Overview

This one-day workshop invites discussion on the various socio-technical processes and dynamics that characterise scale and scaling in local, community-sited initiatives. Seeking to move beyond a view of scale as mere growth in numbers and a matter of technology-mediated replication, the workshop aims at developing a nuanced vocabulary to talk about various forms of scale and practices of scaling in CSCW research. It will bring together interdisciplinary scholars, activists, practitioners  and representatives of the public sector who wish to question and further develop the notion of scale generally associated with processes of upscaling. The workshop provides a forum to discuss: i) concepts, theories and empirical cases that broaden our view of what constitutes scale; and ii) the implications for CSCW research in assessing the long-term impact and sustenance of socio-technical innovations. The workshop will accommodate up to twenty participants and will be run virtually.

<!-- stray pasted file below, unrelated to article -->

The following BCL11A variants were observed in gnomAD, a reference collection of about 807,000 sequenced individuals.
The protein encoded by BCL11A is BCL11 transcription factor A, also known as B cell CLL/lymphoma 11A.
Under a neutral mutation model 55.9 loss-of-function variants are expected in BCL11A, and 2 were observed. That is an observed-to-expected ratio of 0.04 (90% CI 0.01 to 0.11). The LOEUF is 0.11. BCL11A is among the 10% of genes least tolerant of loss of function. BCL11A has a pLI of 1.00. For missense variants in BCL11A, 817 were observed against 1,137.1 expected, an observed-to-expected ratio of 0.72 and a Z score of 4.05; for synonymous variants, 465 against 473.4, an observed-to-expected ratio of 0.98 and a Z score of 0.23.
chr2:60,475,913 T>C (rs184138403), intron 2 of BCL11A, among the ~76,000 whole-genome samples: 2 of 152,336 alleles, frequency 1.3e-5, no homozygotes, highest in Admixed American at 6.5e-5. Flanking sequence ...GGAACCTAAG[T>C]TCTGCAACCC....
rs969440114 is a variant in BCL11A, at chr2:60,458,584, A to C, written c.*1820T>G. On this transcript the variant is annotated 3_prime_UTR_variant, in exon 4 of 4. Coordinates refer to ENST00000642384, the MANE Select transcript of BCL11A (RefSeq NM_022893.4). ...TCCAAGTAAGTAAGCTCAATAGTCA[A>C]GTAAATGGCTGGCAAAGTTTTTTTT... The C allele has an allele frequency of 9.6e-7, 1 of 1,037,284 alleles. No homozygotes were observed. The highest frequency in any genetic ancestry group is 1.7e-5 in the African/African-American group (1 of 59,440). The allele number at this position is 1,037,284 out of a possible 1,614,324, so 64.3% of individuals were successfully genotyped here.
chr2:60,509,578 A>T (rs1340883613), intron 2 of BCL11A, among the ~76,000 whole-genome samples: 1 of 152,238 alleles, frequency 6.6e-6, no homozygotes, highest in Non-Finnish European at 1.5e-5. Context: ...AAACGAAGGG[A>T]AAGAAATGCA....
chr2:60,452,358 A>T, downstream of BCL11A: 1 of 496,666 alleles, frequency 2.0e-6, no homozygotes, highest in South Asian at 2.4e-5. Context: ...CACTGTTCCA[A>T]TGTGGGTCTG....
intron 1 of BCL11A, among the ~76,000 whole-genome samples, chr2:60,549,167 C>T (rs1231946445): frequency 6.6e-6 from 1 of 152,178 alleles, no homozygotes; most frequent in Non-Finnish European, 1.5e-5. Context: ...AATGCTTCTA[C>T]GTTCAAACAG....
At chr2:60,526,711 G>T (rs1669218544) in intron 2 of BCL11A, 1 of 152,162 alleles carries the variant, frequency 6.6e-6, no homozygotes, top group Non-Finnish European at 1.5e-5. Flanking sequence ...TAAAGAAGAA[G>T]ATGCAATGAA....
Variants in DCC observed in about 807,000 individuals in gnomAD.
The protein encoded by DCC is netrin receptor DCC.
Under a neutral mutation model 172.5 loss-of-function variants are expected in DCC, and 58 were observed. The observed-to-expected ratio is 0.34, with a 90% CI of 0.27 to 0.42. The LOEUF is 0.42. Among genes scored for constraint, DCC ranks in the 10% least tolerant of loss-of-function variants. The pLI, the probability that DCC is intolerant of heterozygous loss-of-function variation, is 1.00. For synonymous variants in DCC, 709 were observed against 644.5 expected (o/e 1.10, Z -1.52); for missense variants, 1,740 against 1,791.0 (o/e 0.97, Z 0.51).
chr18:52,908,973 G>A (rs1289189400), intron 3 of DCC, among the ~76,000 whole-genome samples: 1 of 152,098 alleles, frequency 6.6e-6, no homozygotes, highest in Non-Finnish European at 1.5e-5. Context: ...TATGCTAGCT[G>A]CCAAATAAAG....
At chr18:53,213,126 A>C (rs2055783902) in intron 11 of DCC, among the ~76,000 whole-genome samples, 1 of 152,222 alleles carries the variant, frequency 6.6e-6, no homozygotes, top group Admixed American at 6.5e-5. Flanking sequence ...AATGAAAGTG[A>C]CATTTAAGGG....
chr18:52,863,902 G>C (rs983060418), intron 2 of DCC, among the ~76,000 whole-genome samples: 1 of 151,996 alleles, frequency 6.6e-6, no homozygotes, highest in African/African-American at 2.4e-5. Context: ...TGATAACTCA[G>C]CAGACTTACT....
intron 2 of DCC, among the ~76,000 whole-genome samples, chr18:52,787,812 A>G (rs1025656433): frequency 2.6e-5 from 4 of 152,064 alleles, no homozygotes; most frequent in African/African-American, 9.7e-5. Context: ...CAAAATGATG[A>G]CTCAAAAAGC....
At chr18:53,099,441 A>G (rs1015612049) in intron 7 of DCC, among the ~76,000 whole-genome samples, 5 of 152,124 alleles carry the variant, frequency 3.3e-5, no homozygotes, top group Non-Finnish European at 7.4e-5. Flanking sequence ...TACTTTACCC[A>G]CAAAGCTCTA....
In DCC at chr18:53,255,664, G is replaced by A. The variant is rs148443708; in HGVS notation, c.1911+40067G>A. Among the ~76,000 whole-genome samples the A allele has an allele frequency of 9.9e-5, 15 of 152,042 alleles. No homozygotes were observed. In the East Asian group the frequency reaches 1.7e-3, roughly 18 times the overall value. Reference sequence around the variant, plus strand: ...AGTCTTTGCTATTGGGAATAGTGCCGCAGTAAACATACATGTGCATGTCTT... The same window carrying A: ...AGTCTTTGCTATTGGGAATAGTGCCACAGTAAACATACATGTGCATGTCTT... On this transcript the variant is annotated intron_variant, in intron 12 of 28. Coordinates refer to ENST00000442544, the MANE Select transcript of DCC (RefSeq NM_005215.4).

Workshop Goals

The goals for the workshop include: 

  • Identifying research areas, theories and empirical cases that help expand accounts of what constitutes scale and scaling; 
  • Developing a vocabulary to talk about different forms of scale;
  • Highlighting the various dimensions along which scaling processes and dynamics can be articulated and understood; 
  • Discussing the role of digital technologies and existing infrastructures  in enabling, or hindering, scaling processes;
  • Discussing the relationships between a multifaceted notion of scale and impact. Can the circulation of an idea be regarded as an indication of impact despite the different ways of organizing and mobilizing work between local initiatives?
  • Outlining elements of socio-technical interventions that are challenging to replicate; 
  • Unpacking the connections between bottom-up initiatives and public organizations and their relevance in providing CSCW research with more nuanced accounts of scaling;
  • Encouraging interactions and collaborations between researchers, practitioners and activists for whom aspects of scale are central to mobilize and sustain action over time; 
  • Supporting and scaffolding collaborations beyond the time frame of the workshop.